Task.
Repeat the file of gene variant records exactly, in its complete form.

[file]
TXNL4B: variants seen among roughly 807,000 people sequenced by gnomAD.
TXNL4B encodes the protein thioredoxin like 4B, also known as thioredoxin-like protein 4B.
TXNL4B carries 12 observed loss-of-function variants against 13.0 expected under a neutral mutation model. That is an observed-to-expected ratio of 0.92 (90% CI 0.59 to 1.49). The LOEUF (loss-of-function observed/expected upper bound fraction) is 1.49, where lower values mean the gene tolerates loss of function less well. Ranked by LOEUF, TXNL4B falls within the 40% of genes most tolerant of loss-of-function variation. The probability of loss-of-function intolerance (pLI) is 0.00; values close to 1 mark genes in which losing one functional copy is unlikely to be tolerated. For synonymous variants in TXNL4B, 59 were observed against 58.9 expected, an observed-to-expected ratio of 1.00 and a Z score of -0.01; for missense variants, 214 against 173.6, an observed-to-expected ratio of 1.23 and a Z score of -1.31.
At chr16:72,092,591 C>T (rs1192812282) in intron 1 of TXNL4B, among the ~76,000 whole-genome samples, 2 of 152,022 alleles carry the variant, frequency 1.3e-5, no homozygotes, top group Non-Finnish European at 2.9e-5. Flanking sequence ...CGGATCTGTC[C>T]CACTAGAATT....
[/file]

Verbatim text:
TXNL4B: variants seen among roughly 807,000 people sequenced by gnomAD.
TXNL4B encodes the protein thioredoxin like 4B, also known as thioredoxin-like protein 4B.
TXNL4B carries 12 observed loss-of-function variants against 13.0 expected under a neutral mutation model. That is an observed-to-expected ratio of 0.92 (90% CI 0.59 to 1.49). The LOEUF (loss-of-function observed/expected upper bound fraction) is 1.49, where lower values mean the gene tolerates loss of function less well. Ranked by LOEUF, TXNL4B falls within the 40% of genes most tolerant of loss-of-function variation. The probability of loss-of-function intolerance (pLI) is 0.00; values close to 1 mark genes in which losing one functional copy is unlikely to be tolerated. For synonymous variants in TXNL4B, 59 were observed against 58.9 expected, an observed-to-expected ratio of 1.00 and a Z score of -0.01; for missense variants, 214 against 173.6, an observed-to-expected ratio of 1.23 and a Z score of -1.31.
At chr16:72,092,591 C>T (rs1192812282) in intron 1 of TXNL4B, among the ~76,000 whole-genome samples, 2 of 152,022 alleles carry the variant, frequency 1.3e-5, no homozygotes, top group Non-Finnish European at 2.9e-5. Flanking sequence ...CGGATCTGTC[C>T]CACTAGAATT....